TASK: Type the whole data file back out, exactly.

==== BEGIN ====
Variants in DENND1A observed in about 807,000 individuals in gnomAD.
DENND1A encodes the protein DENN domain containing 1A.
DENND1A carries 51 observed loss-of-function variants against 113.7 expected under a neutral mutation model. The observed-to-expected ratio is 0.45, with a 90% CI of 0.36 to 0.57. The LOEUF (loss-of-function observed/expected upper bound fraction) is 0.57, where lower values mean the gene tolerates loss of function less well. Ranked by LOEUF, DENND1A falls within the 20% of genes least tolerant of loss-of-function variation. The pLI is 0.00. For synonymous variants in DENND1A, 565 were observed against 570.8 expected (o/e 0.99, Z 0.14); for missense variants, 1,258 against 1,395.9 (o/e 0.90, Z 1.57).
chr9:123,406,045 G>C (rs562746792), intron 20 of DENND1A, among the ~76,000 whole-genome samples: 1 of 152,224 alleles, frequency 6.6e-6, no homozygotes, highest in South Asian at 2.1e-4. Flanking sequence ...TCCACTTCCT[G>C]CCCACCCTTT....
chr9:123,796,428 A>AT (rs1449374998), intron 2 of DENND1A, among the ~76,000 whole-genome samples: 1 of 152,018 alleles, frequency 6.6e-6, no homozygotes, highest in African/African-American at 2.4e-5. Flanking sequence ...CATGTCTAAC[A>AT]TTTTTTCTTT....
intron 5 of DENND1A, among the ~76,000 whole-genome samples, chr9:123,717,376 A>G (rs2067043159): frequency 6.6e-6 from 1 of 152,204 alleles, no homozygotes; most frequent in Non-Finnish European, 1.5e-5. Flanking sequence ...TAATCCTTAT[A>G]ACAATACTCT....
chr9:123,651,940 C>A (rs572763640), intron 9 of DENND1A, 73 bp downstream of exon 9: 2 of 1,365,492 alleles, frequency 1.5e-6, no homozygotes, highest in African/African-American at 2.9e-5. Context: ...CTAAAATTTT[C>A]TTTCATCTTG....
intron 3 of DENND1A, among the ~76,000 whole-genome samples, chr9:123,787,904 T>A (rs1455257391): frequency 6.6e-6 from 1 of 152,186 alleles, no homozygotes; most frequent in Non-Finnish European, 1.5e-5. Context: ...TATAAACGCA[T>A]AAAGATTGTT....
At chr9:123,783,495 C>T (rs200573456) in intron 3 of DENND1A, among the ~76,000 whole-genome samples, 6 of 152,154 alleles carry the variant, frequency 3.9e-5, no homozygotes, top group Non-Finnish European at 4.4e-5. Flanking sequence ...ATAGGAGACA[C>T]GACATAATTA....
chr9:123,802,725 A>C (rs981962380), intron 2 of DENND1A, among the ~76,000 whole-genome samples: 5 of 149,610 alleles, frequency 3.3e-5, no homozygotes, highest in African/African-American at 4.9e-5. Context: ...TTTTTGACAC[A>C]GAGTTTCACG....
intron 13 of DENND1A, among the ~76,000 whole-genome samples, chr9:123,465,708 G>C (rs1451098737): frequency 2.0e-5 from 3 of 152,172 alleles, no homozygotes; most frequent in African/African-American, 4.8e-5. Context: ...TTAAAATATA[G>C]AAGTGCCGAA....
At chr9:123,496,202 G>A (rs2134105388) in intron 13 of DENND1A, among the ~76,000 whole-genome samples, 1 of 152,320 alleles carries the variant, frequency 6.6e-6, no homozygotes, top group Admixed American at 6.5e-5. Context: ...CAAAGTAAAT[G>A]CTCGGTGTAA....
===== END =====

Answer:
Variants in DENND1A observed in about 807,000 individuals in gnomAD.
DENND1A encodes the protein DENN domain containing 1A.
DENND1A carries 51 observed loss-of-function variants against 113.7 expected under a neutral mutation model. The observed-to-expected ratio is 0.45, with a 90% CI of 0.36 to 0.57. The LOEUF (loss-of-function observed/expected upper bound fraction) is 0.57, where lower values mean the gene tolerates loss of function less well. Ranked by LOEUF, DENND1A falls within the 20% of genes least tolerant of loss-of-function variation. The pLI is 0.00. For synonymous variants in DENND1A, 565 were observed against 570.8 expected (o/e 0.99, Z 0.14); for missense variants, 1,258 against 1,395.9 (o/e 0.90, Z 1.57).
chr9:123,406,045 G>C (rs562746792), intron 20 of DENND1A, among the ~76,000 whole-genome samples: 1 of 152,224 alleles, frequency 6.6e-6, no homozygotes, highest in South Asian at 2.1e-4. Flanking sequence ...TCCACTTCCT[G>C]CCCACCCTTT....
chr9:123,796,428 A>AT (rs1449374998), intron 2 of DENND1A, among the ~76,000 whole-genome samples: 1 of 152,018 alleles, frequency 6.6e-6, no homozygotes, highest in African/African-American at 2.4e-5. Flanking sequence ...CATGTCTAAC[A>AT]TTTTTTCTTT....
intron 5 of DENND1A, among the ~76,000 whole-genome samples, chr9:123,717,376 A>G (rs2067043159): frequency 6.6e-6 from 1 of 152,204 alleles, no homozygotes; most frequent in Non-Finnish European, 1.5e-5. Flanking sequence ...TAATCCTTAT[A>G]ACAATACTCT....
chr9:123,651,940 C>A (rs572763640), intron 9 of DENND1A, 73 bp downstream of exon 9: 2 of 1,365,492 alleles, frequency 1.5e-6, no homozygotes, highest in African/African-American at 2.9e-5. Context: ...CTAAAATTTT[C>A]TTTCATCTTG....
intron 3 of DENND1A, among the ~76,000 whole-genome samples, chr9:123,787,904 T>A (rs1455257391): frequency 6.6e-6 from 1 of 152,186 alleles, no homozygotes; most frequent in Non-Finnish European, 1.5e-5. Context: ...TATAAACGCA[T>A]AAAGATTGTT....
At chr9:123,783,495 C>T (rs200573456) in intron 3 of DENND1A, among the ~76,000 whole-genome samples, 6 of 152,154 alleles carry the variant, frequency 3.9e-5, no homozygotes, top group Non-Finnish European at 4.4e-5. Flanking sequence ...ATAGGAGACA[C>T]GACATAATTA....
chr9:123,802,725 A>C (rs981962380), intron 2 of DENND1A, among the ~76,000 whole-genome samples: 5 of 149,610 alleles, frequency 3.3e-5, no homozygotes, highest in African/African-American at 4.9e-5. Context: ...TTTTTGACAC[A>C]GAGTTTCACG....
intron 13 of DENND1A, among the ~76,000 whole-genome samples, chr9:123,465,708 G>C (rs1451098737): frequency 2.0e-5 from 3 of 152,172 alleles, no homozygotes; most frequent in African/African-American, 4.8e-5. Context: ...TTAAAATATA[G>C]AAGTGCCGAA....
At chr9:123,496,202 G>A (rs2134105388) in intron 13 of DENND1A, among the ~76,000 whole-genome samples, 1 of 152,320 alleles carries the variant, frequency 6.6e-6, no homozygotes, top group Admixed American at 6.5e-5. Context: ...CAAAGTAAAT[G>A]CTCGGTGTAA....